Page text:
Friday, 14 February 2014

Temptress Does the Atlantic - Day 2

Thursday 13 Feb - realised the clocks should have been set back an hour as
we left yesterday as the CV's like the Canaries have warped the time zone to
suit their own needs so we are actually in UT-2. Will sort it out later this
afternoon, tomorrows noon to noon run will be 25 hours. At noon the 24 hour
run was 179nm. The wind was still north easterly and up and down F4-5 with
occasional periods of F6 gusting 7. The crew were getting used to the
motion, very different from the trip down from the Canaries. Now the seas
are slightly aft of the beam or on the starboard quarter lifting the stern
and tipping her towards the port bow before running underneath and if
surfing allowing the boat to be almost level then the port bow would rise up
and everything would roll back to starboard before starting again. We
resumed our usual habits snoozing either down below or in the cockpit, a
daily wash and tooth clean or reading in between mugs of tea or coffee or
meal times. Joe seems to be able to manage slightly more than one paragraph
of Jezza Clarkson prior to falling asleep, Paul is deep into the theory of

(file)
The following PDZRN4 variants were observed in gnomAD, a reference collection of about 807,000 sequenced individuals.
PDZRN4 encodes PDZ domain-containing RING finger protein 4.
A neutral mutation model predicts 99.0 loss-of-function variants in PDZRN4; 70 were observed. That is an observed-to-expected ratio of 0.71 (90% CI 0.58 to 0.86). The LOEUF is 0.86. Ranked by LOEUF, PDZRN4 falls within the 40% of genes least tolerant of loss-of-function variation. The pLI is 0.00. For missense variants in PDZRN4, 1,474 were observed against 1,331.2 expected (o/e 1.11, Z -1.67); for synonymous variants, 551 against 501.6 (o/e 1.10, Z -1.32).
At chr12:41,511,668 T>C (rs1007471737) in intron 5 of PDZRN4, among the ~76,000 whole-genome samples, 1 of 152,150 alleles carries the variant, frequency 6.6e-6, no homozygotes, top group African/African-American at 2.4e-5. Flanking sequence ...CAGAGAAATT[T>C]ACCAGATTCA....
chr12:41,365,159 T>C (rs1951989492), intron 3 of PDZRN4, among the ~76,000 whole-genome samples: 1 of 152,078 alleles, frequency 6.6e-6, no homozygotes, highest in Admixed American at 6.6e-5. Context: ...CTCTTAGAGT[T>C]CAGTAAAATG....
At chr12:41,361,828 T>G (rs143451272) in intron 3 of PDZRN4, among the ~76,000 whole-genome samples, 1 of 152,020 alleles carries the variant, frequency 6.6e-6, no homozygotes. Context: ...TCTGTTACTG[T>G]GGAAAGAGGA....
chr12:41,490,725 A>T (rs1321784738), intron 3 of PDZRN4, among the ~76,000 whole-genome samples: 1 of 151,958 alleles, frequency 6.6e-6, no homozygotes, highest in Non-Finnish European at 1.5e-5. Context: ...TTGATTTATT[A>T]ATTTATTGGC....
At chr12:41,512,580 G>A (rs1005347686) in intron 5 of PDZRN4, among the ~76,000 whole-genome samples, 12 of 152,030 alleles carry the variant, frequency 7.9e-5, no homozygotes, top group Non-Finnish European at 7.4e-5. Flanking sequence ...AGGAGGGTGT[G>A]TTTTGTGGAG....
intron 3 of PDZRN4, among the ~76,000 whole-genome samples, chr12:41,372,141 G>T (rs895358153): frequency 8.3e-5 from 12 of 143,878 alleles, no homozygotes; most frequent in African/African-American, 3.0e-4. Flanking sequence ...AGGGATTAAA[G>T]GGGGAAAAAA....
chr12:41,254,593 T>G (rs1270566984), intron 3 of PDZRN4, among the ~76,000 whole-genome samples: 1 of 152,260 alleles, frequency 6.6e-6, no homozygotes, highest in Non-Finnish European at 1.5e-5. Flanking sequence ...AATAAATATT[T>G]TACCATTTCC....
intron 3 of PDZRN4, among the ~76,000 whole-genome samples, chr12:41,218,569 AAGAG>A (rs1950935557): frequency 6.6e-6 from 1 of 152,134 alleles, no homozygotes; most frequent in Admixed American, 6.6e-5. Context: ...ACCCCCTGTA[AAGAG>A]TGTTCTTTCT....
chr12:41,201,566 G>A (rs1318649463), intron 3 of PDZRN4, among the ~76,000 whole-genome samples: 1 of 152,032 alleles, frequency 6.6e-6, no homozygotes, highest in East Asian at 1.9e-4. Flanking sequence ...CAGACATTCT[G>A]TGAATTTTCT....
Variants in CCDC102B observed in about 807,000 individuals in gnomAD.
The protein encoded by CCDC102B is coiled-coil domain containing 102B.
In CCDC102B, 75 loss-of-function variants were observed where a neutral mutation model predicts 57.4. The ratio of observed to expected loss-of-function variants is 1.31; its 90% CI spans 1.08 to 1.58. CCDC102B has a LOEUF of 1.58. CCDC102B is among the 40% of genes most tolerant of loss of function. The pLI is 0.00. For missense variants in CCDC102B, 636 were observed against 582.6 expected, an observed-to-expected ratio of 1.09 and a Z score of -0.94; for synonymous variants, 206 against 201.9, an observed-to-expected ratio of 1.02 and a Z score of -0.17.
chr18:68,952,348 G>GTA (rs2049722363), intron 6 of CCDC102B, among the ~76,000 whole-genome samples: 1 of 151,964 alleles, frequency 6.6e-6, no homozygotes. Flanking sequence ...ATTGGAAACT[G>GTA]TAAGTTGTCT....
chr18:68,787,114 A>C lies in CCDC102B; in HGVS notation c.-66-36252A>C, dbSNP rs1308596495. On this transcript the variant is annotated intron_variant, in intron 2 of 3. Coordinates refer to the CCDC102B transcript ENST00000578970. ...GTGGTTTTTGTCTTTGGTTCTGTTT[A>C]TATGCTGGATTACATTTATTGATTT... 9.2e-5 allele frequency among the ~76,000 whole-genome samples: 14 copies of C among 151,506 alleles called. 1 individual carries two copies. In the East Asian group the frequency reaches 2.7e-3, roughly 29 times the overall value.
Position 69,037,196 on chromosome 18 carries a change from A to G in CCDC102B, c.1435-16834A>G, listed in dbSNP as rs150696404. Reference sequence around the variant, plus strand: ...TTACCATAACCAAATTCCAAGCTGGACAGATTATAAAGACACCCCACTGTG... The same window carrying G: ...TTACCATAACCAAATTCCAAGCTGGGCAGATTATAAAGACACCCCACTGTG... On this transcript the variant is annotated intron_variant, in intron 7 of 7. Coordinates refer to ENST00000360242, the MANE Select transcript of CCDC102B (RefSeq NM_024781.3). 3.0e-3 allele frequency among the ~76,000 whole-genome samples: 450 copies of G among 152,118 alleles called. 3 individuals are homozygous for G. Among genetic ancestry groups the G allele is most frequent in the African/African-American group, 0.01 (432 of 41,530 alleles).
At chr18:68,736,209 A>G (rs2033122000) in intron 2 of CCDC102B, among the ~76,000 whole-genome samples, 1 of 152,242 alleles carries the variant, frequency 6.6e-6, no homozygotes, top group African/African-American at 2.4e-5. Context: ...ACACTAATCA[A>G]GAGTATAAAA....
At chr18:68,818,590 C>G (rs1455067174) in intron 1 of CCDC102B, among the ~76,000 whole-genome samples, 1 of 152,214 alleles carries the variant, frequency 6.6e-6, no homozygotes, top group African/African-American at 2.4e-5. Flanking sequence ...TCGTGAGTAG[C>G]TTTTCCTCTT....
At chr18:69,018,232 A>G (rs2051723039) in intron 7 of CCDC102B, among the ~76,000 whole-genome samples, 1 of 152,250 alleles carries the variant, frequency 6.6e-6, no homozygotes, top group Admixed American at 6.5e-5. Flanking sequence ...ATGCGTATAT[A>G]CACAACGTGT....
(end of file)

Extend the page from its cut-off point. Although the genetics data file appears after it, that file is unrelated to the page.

relativity with "Trespassing on Einstein's Lawn", Kevin is eking out the
penultimate of the Jack Aubrey books whilst I am enjoying a memoire of a
1950's single handed voyage to Malta via the canals of France, Corsica and
Sardinia and finding that nothing much has changed.

A few carrots had to be deep sixed today but apart from the early demise of
an iceberg which attempted a career change as a bowling ball on the galley
floor during the trip down to the CVs resulting in a brown mushy mess and a
few suspect aubergines the fresh provisions are holding up well.
Mid-afternoon with the clocks all set back the wind finally smiled on us
moving east enough for the scrap of genoa to be poled out but it didn't last
and by nightfall both sails were once more on the port side. The third reef
is still in and Temptress is averaging over 7 knots so making good progress
towards our goal though Grenada is a long way off still. No fish but a few
bites that sent some lie reeling out each time, mulling over possible
modifications to Sqiddie, the lurid green 9 inch long plastic lure we've
been towing. Paul found a moderate sized flying fish at the shrouds, very
dead and not big enough to contemplate eating, they are apparently very
bony. All well on board if at times a little damp, it was my turn to be
pooped whilst enjoying the sun on the helmsmans seat behind the wheel,
necessitating a change of underwear as well as trousers and top. The
trousers were dry enough in a couple of hours to be donned again for supper.
Once the sun gets behind the sails or clouds it is still unexpectedly chilly
and overnight the dew soaks everything so oilies still required by the watch

1 comment:

  1. retarding or advancing the clock reminds me of the only time I cruised the South and North Atlantic in 1982 :)